! + Fe3C 100 !’ "+ !+ Fine pearlite Bainite Fe 3C 0 Cu 10 20 30 40 50 60 70 80 90 Zn wt % Zn (d) Brass can be precipitation hardened if it has the following composition ☐ 35 wt% Zn ☐ 70 wt% Zn ☐ both (e) ☐ ☐ ☐ Glass ceramics are aged to relieve internal stress in the glass precipitate a crystalline phase both 1 10 102 103 time (seconds) 104 105 (b) (5 points) Will a quench rate of 1000°C/sec convert a sample with 100% austenite to 100% martensite? Show why or why not on the same TTT diagram above. p ag e 4 o f 7 E 45 M id te r m 02 In i t i a l s: 7. Metallic Alloys (10 points) 8. Metallic Alloys (10 points) Temper H1 H2 T3 T6 T9 Strain-hardened Definition Strengthened by Weakened by Porosity (casting) Strain-hardened, partially annealed Solution-treated, cold-worked, naturally aged Solution-treated, artificially aged Solution-treated, artificially-aged, cold worked Cold working Alloying Phase Transformations Annealing Welding Phase Transformations The above table is a partial list of the “temper designations” for aluminum alloys specified by the Aluminum Association and published in the ASM Metals Handbook, 9th edition, Volume 2 (1979). Recognizing that the specified treatments appearing in the “definition” column occur in sequence, and in the order given, rank the various temper treatments in order of highest strength to lowest strength. 1. _____ 2. _____ 3. _____ 4. _____ 5. _____ The above table lists some of the general effects of “processing” of metals and alloys on their mechanical strength. For example, an alloy used in the “as-cast” condition is generally weaker due to the porosity that occurs because of air entrapment during solidification from the liquid phase. Similarly, welding is listed as a cause of “weakening,” due to the fact that the local application of heat needed to weld alloys causes significant atomic transport, including some in the liquid phase. Explain why “phase transformations” is listed in both columns. p ag e 5 o f 7 E 45 M id te r m 02 In i t i a l s: 9. Ceramics and Glasses (10 points) An important family of “magnetic” ceramics is based upon the spinel (MgAl2O4) structure. Spinel is formed from an fcc Bravais lattice and a basis of fourteen (14) ions per lattice point: 2 Mg2+, 4 Al3+ and 8 O2-. The magnesium ions are tetrahedrally coordinated by four oxygen ions, while the aluminum ions are octahedrally coordinated by six oxygen ions. Note that both the motif and the chemical formula preserve charge neutrality. However, the magnetic (known as “ferrimagnetic”) version of this structure is called an “inverse spinel,” in which the octahedral sites are occupied by the divalent ions and onehalf of the trivalent ions, while the remaining trivalent ions are in the tetrahedral sites. One example of the ferrimagnetic ceramics is magnetite, the naturally occurring “lodestone” that was used to make the original compass. It is also found in meteorites. This could be the reason why, in Fox's hit series The X-Files, FBI investigators observed that magnetite could disrupt alien life forms, often causing their death or destruction (?). Magnetite is an inverse spinel, yet its chemical formula is Fe3O4. Explain. 10. Ceramics and Glasses (10 points) The following plot shows the thermal expansion behavior typical of a glass. Note that strain is plotted on the vertical axis, with temperature increasing to the right on the horizontal axis. At the softening temperature (Ts), the glass is unable to support its own weight and flows freely, invalidating the thermal expansion data. !L / L 0 Tg Ts T During the processing of safety glass for windows, a treatment is used to place the surface of the glass in residual compression, so that it will not be as susceptible to fine surface cracks. In one of these treatments, the glass is first equilibrated above its glass transition temperature (Tg). Next it is subjected to cold air blast on both sides, a “surface quench,” to form a rigid but thin “skin” on both surfaces. The skin is cool enough to remain below the glass transition temperature while the interior of the glass is still above Tg. The glass is then allowed to cool slowly and uniformly to room temperature. Explain how this treatment causes residual surface compression. p ag e 6 o f 7 E 45 M id te r m 02 In i t i a l s: Worksheet No points will be given or deducted for work shown here. Please enter answers in the spaces provided. DO NOT WRITE BELOW THIS LINE Pro ble m # 1 2 3 4 5 6 7 8 9 10 To t a l Po s s i ble Po i n t s 10 10 10 10 10 10 10 10 10 10 100 Yo u r S c o re p ag e 7 o f 7 Name:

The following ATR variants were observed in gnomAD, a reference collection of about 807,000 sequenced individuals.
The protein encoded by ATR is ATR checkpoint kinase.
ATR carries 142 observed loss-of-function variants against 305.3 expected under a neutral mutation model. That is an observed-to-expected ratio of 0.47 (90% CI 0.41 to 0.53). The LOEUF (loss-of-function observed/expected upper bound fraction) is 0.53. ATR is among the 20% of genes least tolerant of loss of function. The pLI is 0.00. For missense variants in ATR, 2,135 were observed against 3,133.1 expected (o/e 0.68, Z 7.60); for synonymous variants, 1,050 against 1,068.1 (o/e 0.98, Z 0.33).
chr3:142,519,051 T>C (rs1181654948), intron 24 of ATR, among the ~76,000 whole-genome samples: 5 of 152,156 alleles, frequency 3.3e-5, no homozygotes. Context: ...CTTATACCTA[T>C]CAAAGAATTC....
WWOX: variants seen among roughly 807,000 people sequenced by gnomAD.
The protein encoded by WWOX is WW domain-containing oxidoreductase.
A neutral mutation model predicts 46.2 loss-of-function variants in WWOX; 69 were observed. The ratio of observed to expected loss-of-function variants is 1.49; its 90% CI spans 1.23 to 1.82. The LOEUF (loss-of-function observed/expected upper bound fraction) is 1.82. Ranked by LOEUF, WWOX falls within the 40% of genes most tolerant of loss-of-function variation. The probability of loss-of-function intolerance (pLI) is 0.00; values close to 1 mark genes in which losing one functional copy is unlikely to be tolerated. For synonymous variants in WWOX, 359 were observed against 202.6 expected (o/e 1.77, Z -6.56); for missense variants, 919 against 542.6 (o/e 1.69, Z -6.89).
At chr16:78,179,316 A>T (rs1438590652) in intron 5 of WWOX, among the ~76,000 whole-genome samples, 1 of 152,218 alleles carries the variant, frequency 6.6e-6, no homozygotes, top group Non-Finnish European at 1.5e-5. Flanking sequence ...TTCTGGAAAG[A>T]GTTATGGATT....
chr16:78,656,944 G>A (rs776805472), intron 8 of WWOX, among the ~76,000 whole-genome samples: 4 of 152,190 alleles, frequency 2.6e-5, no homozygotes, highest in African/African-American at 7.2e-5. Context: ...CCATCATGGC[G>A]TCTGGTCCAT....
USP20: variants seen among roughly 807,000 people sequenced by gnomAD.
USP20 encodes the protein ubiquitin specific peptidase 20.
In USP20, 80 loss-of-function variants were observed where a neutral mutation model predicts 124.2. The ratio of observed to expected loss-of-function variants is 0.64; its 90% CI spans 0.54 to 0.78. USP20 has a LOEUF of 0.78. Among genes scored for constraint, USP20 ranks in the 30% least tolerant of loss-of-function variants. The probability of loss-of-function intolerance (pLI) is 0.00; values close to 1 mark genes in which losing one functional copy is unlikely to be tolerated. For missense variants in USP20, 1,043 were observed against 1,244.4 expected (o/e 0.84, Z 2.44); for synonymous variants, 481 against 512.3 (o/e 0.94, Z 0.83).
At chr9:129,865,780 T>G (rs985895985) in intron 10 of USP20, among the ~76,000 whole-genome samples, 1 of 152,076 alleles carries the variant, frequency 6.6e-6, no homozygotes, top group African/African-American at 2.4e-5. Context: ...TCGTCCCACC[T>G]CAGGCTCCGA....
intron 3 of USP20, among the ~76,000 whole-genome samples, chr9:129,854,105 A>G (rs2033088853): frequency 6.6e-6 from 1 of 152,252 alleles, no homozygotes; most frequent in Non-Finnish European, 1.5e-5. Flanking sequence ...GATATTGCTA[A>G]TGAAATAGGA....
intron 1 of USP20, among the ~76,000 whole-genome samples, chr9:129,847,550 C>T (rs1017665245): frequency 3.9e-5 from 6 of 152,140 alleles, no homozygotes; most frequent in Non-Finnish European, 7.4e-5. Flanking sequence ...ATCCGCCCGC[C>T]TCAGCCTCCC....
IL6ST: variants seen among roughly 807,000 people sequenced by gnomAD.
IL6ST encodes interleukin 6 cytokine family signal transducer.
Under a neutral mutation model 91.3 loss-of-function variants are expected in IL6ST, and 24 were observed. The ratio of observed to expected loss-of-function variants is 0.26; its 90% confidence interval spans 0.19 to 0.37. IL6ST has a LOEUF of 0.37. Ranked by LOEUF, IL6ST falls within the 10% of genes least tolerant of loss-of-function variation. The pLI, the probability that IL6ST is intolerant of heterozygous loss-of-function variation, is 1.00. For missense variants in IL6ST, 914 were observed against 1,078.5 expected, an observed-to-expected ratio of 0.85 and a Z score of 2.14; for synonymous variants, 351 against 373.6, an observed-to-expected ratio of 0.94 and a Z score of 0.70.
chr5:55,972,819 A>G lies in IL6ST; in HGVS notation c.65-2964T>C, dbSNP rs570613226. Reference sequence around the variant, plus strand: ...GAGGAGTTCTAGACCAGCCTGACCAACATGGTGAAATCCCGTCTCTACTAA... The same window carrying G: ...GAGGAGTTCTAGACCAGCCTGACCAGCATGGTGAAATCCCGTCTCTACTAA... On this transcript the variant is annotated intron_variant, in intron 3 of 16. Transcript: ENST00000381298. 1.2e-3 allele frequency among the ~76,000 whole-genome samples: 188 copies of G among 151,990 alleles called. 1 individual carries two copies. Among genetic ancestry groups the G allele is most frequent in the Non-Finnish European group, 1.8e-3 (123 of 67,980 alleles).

(Please print) UNIVERSITY OF CALIFORNIA College of Engineering Department of Materials Science & Engineering Professor R. Gronsky Fall Semester 2007 Engineering 45 Midterm 02 INSTRUCTIONS